Reports document a surge at grassroots level of social organisations who are reusing waste and discarded items and recreating completely new items which are then sold. Grassroot circular implementation, married with a retail community’s urban footprint could enable the public to become future flaneurs and reclaim retail spaces through their own conscious intention.
The Key Ingredient
Professor David Tyler, in a lecture of Manchester Metropolitan University, argued that a “circular economy means we don’t treat businesses as isolated entities, but all are embedded in an industrial ecosystem where there are mutual dependencies”. The essence of an effective circular economy is networking, collaboration and cross-industry innovation.
Small fashion-players are the key ingredient for implementing circular innovation at grassroots level. The Ellen MacArthur Foundation CE100 Network claims “elements of circularity already exist in many buildings and projects, therefore inspiring new projects to pick up on these elements and create a built environment that is holistically circular”. Independent retail communities are in a unique position to action this and network closely, as the established environment encourages such collaborative prospects.
Realistically, a successful new era of circular retail prosperity comprises issues of scalability, infrastructure, accessibility, finances and so on. However, over 30% of UK consumers plan to spend more locally post-COVID-19, implying a chance to get the ball rolling and begin investing in future-proof practices that work to serve independent brands, communities and planet alike.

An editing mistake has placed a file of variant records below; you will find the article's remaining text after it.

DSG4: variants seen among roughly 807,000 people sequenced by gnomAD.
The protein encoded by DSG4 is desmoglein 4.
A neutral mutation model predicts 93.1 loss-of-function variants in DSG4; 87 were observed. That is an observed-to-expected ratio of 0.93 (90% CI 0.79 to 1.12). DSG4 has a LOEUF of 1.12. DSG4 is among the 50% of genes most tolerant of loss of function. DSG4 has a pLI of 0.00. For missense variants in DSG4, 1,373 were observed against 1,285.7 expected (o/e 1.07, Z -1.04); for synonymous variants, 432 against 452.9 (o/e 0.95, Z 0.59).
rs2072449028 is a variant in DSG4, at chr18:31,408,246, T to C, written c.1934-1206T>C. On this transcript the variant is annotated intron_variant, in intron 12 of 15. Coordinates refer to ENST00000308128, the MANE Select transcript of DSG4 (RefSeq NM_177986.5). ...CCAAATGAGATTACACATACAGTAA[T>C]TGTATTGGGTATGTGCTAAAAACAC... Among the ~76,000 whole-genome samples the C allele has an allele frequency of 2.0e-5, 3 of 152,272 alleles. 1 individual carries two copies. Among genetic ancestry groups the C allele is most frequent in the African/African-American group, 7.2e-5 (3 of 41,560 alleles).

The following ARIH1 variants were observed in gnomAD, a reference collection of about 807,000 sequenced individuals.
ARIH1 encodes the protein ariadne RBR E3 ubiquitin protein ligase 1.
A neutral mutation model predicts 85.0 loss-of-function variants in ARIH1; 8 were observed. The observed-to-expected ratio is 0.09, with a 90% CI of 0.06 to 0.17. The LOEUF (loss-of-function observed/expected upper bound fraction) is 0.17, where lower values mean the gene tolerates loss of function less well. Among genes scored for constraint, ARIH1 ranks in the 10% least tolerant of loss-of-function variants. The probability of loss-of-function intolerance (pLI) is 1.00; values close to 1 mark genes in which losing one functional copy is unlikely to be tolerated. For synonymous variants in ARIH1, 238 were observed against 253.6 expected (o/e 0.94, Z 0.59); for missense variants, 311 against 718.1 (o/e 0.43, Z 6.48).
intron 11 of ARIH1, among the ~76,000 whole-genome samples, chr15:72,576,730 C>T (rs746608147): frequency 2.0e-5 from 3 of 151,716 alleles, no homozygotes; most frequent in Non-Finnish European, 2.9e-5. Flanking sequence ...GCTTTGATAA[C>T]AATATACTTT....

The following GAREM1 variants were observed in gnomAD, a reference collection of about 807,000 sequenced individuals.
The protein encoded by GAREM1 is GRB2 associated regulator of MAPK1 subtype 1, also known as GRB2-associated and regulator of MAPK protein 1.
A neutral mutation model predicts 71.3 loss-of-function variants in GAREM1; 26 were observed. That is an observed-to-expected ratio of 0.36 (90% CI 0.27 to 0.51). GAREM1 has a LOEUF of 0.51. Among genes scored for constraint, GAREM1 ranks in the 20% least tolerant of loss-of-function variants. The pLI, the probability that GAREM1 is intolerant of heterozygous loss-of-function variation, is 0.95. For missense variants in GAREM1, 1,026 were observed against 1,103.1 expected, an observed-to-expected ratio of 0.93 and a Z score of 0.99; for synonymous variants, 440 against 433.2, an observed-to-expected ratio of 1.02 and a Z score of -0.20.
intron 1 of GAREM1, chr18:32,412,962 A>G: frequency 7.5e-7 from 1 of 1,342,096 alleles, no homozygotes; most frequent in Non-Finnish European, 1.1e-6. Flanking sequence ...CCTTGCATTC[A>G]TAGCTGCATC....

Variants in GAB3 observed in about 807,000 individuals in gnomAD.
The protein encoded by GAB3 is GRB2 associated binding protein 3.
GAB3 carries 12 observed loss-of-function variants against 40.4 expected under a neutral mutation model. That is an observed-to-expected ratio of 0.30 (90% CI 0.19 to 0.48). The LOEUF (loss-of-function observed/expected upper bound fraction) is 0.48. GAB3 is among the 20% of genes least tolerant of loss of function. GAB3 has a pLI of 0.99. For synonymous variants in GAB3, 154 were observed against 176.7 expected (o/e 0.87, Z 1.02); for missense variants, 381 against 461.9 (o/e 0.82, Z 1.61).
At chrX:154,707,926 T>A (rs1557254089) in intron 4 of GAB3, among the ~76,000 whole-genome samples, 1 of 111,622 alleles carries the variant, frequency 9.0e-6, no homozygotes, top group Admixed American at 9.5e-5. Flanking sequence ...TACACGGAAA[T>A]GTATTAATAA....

The Magic Combination
Capturing the value in the unique overlap between retail communities and the circular economy will require a unique, collaborative, cross-industry effort to reclaim and rejuvenate the retail experience for a new circular era. This will require three core pillars:
- Circular economy: circular fashion systems that prioritise people and planet.
- Experiential retail: retail scenarios encouraging participation and future flaneurship.
- Public engagement: new retail access points, which support and celebrate community.
Circular principles challenge the norm of what can be expected in retail and in its most authentic form, will directly serve local, independent brands with a core mission of goodness that benefits the wider community. With the right efforts, investments, stakeholders and public interest, we could re-fashion the retail landscape and breathe new life into our communities, by collectively embracing the circular economy.